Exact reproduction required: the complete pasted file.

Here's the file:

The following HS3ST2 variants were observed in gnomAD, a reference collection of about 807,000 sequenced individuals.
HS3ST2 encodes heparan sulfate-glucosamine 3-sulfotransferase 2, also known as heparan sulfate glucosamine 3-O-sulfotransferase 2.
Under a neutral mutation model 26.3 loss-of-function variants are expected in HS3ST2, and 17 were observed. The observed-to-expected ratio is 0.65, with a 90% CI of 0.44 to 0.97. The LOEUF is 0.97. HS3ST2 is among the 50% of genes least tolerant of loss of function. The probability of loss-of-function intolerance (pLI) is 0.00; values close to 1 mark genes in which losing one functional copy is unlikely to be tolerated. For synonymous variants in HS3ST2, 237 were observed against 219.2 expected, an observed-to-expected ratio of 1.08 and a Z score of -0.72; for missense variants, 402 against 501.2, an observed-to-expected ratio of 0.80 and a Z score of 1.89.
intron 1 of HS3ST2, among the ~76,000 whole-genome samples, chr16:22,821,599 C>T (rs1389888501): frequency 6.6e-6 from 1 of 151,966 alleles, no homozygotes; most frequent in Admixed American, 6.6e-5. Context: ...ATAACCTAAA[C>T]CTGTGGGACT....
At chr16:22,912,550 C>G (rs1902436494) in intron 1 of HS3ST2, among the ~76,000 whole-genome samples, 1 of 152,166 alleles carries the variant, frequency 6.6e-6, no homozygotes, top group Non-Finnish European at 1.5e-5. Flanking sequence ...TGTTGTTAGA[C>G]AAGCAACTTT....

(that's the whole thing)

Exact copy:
The following HS3ST2 variants were observed in gnomAD, a reference collection of about 807,000 sequenced individuals.
HS3ST2 encodes heparan sulfate-glucosamine 3-sulfotransferase 2, also known as heparan sulfate glucosamine 3-O-sulfotransferase 2.
Under a neutral mutation model 26.3 loss-of-function variants are expected in HS3ST2, and 17 were observed. The observed-to-expected ratio is 0.65, with a 90% CI of 0.44 to 0.97. The LOEUF is 0.97. HS3ST2 is among the 50% of genes least tolerant of loss of function. The probability of loss-of-function intolerance (pLI) is 0.00; values close to 1 mark genes in which losing one functional copy is unlikely to be tolerated. For synonymous variants in HS3ST2, 237 were observed against 219.2 expected, an observed-to-expected ratio of 1.08 and a Z score of -0.72; for missense variants, 402 against 501.2, an observed-to-expected ratio of 0.80 and a Z score of 1.89.
intron 1 of HS3ST2, among the ~76,000 whole-genome samples, chr16:22,821,599 C>T (rs1389888501): frequency 6.6e-6 from 1 of 151,966 alleles, no homozygotes; most frequent in Admixed American, 6.6e-5. Context: ...ATAACCTAAA[C>T]CTGTGGGACT....
At chr16:22,912,550 C>G (rs1902436494) in intron 1 of HS3ST2, among the ~76,000 whole-genome samples, 1 of 152,166 alleles carries the variant, frequency 6.6e-6, no homozygotes, top group Non-Finnish European at 1.5e-5. Flanking sequence ...TGTTGTTAGA[C>G]AAGCAACTTT....